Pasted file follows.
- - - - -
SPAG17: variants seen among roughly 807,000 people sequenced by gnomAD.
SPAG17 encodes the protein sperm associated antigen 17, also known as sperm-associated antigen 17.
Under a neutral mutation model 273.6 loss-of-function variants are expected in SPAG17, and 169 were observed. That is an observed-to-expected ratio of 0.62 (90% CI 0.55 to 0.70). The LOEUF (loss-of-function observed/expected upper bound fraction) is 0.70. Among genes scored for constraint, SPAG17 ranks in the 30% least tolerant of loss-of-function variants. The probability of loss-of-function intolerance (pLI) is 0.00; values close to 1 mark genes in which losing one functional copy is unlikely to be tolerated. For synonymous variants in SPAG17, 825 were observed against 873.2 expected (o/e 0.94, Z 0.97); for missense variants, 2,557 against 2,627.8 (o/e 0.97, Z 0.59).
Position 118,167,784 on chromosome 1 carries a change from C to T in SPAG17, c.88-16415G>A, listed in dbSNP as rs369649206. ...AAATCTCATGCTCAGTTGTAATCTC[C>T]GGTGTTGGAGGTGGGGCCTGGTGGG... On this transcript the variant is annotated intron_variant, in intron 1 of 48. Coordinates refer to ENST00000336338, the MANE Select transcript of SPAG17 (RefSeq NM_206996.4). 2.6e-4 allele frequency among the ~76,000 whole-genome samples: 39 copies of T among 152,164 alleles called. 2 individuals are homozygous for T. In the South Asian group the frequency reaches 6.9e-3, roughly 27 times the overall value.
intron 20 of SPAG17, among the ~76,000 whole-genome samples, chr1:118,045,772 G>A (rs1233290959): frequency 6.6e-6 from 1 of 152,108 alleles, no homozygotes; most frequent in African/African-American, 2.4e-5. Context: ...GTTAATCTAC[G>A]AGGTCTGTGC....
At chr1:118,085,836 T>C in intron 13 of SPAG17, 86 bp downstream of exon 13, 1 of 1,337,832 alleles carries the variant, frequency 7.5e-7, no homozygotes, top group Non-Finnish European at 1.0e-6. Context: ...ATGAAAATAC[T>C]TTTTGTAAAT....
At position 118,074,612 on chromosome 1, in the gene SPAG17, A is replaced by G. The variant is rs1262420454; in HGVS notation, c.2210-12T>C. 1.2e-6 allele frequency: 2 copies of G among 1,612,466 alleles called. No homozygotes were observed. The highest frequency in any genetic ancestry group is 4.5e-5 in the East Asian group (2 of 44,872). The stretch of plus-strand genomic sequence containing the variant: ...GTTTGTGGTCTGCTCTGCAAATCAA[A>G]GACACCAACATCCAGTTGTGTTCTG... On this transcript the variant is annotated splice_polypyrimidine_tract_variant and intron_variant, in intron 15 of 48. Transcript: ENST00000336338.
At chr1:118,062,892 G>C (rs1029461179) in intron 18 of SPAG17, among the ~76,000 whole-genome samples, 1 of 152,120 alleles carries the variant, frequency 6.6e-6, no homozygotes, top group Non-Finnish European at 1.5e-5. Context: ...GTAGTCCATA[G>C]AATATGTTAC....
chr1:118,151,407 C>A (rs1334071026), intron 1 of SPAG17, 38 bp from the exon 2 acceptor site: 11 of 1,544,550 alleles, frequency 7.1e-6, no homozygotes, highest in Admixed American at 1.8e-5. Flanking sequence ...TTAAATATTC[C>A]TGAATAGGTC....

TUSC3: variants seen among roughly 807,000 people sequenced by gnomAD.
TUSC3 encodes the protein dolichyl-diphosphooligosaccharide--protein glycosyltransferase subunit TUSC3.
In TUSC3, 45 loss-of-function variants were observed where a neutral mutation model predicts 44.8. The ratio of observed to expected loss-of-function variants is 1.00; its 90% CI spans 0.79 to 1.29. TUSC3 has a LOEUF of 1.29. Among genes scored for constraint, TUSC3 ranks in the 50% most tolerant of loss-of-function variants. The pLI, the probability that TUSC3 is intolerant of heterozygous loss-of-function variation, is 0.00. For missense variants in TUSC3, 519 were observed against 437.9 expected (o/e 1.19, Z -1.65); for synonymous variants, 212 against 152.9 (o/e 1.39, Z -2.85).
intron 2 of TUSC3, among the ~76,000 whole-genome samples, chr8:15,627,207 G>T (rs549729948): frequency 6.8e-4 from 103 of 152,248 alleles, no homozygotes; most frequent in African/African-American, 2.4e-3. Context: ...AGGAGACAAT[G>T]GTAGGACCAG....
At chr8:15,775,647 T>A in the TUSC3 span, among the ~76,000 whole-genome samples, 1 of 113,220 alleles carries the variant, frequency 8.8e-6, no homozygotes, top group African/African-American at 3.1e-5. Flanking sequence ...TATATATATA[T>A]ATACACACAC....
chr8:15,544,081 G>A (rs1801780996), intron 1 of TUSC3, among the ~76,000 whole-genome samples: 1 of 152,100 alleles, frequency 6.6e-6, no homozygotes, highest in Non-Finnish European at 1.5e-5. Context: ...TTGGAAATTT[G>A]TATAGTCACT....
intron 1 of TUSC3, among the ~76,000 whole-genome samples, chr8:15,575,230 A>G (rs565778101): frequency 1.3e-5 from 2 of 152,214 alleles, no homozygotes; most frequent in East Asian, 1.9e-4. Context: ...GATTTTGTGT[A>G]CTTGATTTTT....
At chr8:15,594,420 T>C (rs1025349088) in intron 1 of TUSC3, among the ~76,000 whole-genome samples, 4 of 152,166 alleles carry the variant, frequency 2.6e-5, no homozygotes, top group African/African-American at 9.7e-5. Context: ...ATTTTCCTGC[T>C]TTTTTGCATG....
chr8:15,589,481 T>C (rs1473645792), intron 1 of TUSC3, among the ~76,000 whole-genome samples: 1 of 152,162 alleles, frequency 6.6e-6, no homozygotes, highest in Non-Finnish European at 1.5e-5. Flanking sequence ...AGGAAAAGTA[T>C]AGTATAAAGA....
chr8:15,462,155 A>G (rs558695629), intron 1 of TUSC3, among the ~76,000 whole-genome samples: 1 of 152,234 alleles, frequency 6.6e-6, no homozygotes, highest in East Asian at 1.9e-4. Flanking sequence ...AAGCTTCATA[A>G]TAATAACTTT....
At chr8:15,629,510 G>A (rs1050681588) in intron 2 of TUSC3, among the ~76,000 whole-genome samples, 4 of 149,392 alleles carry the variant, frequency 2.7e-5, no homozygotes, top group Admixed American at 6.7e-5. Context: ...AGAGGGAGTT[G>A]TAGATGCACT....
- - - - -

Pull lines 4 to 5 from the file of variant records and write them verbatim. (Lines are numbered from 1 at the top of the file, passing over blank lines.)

Position 118,167,784 on chromosome 1 carries a change from C to T in SPAG17, c.88-16415G>A, listed in dbSNP as rs369649206. ...AAATCTCATGCTCAGTTGTAATCTC[C>T]GGTGTTGGAGGTGGGGCCTGGTGGG... On this transcript the variant is annotated intron_variant, in intron 1 of 48. Coordinates refer to ENST00000336338, the MANE Select transcript of SPAG17 (RefSeq NM_206996.4). 2.6e-4 allele frequency among the ~76,000 whole-genome samples: 39 copies of T among 152,164 alleles called. 2 individuals are homozygous for T. In the South Asian group the frequency reaches 6.9e-3, roughly 27 times the overall value.
intron 20 of SPAG17, among the ~76,000 whole-genome samples, chr1:118,045,772 G>A (rs1233290959): frequency 6.6e-6 from 1 of 152,108 alleles, no homozygotes; most frequent in African/African-American, 2.4e-5. Context: ...GTTAATCTAC[G>A]AGGTCTGTGC....